Getting away for the holidays

This Christmas season, don’t just shop online — get out and explore.

As you probably deduced from my previous columns, I’m one of the most starry-eyed, pathetic, and hopelessly incurable romantics that ever came down the pike. Indeed, this affliction is so intense I sometimes mistake reality for a fantasy and, vice versa, fantasy for reality. (But alas, I’ve never been lame enough to believe in the “deep state” conspiracy like our goofy President does.) To a larger or lesser degree, this dream-world state is common to all writers. However, it seems especially prevalent among novelists and screenwriters.

Given such a warped condition, you probably suspect our grand and glorious month-long winter festival — from Thanksgiving through New Years — is of special significance to a romantic. The colorful lighting, the gaiety, the warm, sentimental mood, and the spiritual and religious overtones, all wrapped in warm tradition and surprise gifts, are tailor made for the fantasy-prone mind. And our little suburban enclave captures the Christmas atmosphere and magic as well as any other small community in the immediate area. Step into any of our restaurants and/or bars on any particular evening between now and the new year and you’ll immediately notice the seasonal rush of energy. I’d certainly encourage all of you to support our local businesses, not only the clubs but the other merchants as well.

Of course, our local stores can’t compete with the huge selections offered by the malls and Seattle’s retail core. Even though Bezos’ operation has raised hell with brick and mortar shopping, Southcenter has apparently survived, still relatively crowded and colorful despite the folding of Macy’s and Sears. Granted, it’s much easier to order your gifts from the living-room couch instead of fighting the crowds and traffic, but let me encourage you to get out of the house long enough to at least stroll through Southcenter or around Pike and Fourth just to experience the music, excitement and twinkling lights.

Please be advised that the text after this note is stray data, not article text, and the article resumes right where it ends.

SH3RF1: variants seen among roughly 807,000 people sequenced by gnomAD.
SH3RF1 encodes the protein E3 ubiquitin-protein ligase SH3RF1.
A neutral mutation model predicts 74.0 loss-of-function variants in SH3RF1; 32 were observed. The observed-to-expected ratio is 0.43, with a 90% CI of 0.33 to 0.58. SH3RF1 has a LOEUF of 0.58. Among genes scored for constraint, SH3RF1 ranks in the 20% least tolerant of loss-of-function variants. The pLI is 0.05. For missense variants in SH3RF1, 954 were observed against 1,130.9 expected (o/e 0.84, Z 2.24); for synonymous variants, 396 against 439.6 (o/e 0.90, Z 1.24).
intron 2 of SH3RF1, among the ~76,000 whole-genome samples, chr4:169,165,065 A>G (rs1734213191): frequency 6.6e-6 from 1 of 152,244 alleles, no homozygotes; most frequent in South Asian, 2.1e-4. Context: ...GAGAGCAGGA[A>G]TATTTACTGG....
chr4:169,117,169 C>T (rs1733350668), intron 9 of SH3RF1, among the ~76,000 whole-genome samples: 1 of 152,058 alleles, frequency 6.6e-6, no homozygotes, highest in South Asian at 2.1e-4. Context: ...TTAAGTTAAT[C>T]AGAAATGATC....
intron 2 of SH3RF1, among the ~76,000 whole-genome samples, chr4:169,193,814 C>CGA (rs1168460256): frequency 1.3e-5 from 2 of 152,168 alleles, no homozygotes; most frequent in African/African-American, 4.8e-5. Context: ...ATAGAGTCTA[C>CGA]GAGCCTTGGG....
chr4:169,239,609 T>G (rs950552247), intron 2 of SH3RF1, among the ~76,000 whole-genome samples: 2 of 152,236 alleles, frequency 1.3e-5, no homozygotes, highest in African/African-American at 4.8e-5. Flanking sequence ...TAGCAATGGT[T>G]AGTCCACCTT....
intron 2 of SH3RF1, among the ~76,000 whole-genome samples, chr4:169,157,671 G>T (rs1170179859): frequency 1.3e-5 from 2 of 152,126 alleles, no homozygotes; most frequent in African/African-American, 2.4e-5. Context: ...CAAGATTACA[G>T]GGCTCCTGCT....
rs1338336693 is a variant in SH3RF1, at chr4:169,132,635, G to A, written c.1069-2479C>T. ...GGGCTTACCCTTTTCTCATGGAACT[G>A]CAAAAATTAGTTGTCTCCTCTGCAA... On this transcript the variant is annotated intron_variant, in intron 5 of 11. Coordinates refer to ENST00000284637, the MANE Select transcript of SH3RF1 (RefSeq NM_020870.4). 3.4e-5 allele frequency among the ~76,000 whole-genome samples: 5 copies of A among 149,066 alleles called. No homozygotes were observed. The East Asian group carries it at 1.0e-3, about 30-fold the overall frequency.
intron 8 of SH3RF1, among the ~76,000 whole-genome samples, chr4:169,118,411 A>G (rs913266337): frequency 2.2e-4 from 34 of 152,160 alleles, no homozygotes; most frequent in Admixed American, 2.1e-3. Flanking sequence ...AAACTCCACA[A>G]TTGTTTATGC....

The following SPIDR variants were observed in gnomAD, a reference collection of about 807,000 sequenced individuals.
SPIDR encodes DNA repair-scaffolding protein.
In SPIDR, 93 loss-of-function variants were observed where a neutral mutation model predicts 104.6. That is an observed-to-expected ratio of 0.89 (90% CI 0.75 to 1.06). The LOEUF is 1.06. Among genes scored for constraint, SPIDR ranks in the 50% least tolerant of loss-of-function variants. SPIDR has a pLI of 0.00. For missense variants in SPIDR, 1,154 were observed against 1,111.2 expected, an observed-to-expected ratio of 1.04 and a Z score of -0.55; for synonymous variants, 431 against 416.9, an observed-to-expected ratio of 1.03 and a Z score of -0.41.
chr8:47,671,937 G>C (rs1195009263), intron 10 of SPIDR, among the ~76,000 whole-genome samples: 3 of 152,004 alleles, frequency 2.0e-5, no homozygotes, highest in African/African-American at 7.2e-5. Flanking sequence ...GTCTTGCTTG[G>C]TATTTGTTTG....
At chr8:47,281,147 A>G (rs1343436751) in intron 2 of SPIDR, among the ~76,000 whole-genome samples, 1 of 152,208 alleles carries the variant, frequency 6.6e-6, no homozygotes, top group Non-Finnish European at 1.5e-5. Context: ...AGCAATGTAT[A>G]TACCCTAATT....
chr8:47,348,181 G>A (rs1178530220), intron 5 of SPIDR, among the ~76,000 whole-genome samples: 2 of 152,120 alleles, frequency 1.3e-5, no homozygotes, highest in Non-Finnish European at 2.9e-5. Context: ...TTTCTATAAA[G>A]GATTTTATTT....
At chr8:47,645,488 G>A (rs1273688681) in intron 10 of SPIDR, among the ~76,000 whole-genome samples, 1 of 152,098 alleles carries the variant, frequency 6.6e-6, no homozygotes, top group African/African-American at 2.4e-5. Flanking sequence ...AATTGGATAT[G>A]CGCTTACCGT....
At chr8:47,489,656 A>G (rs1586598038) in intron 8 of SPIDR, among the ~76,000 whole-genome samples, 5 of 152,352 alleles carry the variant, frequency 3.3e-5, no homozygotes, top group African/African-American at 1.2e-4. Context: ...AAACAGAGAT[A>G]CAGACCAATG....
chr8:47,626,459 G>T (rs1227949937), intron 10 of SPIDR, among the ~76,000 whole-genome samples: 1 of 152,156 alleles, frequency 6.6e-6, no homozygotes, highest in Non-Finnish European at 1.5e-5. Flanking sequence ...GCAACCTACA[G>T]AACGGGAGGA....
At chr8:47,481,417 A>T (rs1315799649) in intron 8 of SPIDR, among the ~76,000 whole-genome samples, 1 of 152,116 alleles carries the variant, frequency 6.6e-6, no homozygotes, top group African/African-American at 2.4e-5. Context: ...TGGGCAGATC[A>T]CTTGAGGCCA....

Dwelling again on my romantic nature, I suggest you share the evening with someone you love. You might sample a few roasted chestnuts from the celebrity vendors outside the Olympic Hotel — or whatever it’s called now. (Perhaps the Four Seasons?) Then, hand-in-hand and soul-to-soul, amble through the lights on the naked trees along Fifth Avenue, or admire the window displays in Macy’s and the grand pianist in Nordstrom.

Always leave enough time to snuggle in the rear booth of some secluded, intimate little lounge away from the hustle and bustle outside. Enumclaw is sadly lacking in quiet, candle-lit, rich mahogany-wooded clubs where you can experience a hot buttered rum and share a kiss or two while gazing warmly into one another’s eyes. I might suggest two of my favorite Seattle lounges: the Hunt Club and Canlis. These places are damned expensive if you’re there for dinner but, instead, you can simply waltz into the lounge for a drink or two, which are also expensive but probably affordable for holidays and other special occasions. (Ties are not necessary and jeans are accepted though, perhaps, frowned upon.) I might also mention Oliver’s at Fourth and Pike. It can get rather crowded during the cocktail hour, but later in the evening it’s quite comfortable.

At any rate, given all the clubs scattered about King County, I’m sure you can find a secluded little corner booth that’s just perfect for you and yours.

And cheers to all!




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